The Vatican chief justice, Cardinal Raymond Burke, offered a strong criticism of Obama in an interview last week in the Polish news magazine Polonia Christiana. His comments went beyond specific policies and addressed an overarching hostility towards faith and liberty:

10. The policy of the President of the US towards the Christian civilisation becomes more and more aggressive. Does Your Eminence notice any symptoms of Catholic reactions against this policy? If yes, what are they, if not why?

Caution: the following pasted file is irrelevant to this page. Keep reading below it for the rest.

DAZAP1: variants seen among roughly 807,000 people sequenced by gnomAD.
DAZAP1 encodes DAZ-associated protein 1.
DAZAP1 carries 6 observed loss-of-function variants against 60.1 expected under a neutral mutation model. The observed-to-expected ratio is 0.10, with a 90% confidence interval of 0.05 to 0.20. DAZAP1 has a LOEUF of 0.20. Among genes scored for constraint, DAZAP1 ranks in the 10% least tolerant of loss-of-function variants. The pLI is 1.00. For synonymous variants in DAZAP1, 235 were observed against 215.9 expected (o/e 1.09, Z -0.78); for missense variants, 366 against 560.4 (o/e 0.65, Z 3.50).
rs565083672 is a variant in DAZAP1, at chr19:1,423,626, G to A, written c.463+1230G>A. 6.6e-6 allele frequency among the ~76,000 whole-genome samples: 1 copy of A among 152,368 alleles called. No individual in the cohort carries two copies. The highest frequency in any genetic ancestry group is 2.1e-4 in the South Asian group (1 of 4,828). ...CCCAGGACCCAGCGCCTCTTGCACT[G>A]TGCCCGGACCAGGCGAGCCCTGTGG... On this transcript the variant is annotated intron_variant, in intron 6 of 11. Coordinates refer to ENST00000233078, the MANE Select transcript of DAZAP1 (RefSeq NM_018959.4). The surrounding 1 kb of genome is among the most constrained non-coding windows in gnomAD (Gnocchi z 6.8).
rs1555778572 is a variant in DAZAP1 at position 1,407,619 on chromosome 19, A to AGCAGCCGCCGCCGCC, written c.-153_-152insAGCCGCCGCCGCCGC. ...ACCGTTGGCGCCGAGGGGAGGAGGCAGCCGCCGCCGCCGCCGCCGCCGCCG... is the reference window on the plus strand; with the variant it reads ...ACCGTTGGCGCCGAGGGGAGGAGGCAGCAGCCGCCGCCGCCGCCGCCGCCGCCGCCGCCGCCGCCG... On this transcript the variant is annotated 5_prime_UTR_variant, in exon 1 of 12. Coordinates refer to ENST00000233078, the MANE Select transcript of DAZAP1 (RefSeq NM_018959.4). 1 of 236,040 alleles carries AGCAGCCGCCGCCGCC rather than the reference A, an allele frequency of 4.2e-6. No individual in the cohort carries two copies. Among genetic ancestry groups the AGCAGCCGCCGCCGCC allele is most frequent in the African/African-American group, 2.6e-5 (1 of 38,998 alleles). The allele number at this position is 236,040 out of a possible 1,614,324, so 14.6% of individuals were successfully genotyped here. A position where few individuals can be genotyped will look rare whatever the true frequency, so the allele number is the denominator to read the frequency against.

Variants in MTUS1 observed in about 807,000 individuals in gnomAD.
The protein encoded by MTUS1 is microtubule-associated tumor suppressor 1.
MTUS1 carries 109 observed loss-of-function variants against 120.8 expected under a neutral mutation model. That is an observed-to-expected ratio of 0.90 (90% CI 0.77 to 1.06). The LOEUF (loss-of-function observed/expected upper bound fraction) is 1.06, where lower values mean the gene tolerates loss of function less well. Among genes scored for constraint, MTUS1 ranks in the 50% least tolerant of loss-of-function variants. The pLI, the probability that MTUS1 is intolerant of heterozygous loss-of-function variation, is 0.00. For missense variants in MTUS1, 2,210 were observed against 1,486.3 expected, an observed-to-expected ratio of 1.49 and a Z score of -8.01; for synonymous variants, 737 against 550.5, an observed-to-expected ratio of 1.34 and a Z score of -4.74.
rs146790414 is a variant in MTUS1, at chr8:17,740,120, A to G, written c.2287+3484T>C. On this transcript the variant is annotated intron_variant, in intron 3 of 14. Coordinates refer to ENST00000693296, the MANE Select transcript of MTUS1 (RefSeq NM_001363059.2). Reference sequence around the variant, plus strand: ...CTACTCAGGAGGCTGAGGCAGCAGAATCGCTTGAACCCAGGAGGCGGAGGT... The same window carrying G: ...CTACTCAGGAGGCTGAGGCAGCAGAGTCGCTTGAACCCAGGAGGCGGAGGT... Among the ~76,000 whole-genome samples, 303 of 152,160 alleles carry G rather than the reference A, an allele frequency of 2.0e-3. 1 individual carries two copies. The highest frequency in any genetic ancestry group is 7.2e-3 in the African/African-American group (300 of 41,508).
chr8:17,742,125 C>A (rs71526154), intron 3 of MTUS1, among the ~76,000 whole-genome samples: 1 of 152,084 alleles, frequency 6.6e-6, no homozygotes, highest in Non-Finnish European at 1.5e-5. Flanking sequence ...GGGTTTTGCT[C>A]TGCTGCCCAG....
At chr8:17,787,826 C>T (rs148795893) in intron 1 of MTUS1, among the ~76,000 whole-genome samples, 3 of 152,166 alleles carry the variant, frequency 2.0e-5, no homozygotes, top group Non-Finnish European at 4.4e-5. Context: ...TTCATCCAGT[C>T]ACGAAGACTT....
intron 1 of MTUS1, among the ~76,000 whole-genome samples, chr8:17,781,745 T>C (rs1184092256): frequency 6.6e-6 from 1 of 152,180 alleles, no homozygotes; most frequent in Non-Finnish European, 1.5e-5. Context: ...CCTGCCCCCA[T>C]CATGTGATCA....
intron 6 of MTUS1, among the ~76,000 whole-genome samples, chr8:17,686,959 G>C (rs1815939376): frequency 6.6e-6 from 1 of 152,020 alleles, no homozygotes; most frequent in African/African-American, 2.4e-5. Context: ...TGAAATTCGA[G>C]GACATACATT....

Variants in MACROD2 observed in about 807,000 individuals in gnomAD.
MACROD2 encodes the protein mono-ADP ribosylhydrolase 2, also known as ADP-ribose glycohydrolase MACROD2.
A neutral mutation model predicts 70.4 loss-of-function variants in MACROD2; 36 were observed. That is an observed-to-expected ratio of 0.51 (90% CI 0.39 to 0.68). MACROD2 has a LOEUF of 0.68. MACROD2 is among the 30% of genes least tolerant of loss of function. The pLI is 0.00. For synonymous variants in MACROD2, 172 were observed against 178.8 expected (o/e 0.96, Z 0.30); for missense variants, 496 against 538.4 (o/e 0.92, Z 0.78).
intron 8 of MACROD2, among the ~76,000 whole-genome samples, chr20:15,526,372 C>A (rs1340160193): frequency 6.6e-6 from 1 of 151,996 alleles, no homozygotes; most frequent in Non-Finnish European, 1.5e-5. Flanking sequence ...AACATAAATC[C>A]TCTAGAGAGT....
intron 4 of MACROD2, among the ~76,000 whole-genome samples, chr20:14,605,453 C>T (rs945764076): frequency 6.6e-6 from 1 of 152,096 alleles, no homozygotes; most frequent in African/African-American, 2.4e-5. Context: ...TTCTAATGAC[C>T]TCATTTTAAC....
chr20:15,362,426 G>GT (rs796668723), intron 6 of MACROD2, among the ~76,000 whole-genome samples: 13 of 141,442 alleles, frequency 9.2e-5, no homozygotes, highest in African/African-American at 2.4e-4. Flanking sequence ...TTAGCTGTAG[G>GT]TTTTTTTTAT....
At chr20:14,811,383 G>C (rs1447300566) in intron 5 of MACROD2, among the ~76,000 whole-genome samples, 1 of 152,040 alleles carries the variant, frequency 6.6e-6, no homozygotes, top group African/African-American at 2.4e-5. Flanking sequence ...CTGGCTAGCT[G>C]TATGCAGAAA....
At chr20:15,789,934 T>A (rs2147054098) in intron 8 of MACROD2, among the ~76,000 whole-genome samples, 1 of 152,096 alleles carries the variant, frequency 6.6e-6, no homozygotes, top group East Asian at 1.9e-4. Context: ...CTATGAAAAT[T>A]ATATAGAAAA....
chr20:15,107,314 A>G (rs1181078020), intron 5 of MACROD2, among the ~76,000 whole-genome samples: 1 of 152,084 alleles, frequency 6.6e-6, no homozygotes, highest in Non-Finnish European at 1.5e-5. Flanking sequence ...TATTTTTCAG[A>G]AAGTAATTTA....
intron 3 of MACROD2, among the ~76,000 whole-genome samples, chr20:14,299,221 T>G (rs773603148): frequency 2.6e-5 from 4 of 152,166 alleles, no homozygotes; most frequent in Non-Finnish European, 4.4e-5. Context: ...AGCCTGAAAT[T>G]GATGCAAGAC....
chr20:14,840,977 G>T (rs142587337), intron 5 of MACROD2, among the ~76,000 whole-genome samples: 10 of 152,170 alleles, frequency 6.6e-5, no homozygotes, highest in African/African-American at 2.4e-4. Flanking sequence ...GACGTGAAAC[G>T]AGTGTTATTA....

It is true that the policies of the President of the United States of America have become progressively more hostile toward Christian civilization. He appears to be a totally secularized man who aggressively promotes anti-life and anti-family policies. Now he wants to restrict the exercise of the freedom of religion to freedom of worship, that is, he holds that one is free to act according to his conscience within the confines of his place of worship but that, once the person leaves the place of worship, the government can constrain him to act against his rightly-formed conscience, even in the most serious of moral questions. Such policies would have been unimaginable in the United States even 40 years ago. It is true that many faithful Catholics, with strong and clear leadership from their Bishops and priests, are reacting against the ever-growing religious persecution in the U.S. Sadly, one has the impression that a large part of the population is not fully aware of what is taking place. In a democracy, such a lack of awareness is deadly. It leads to the loss of the freedom which a democratic government exists to protect. It is my hope that more and more of my fellow citizens, as they realize what is happening, will insist on electing leaders who respect the truth of the moral law as it is respected in the founding principles of our nation.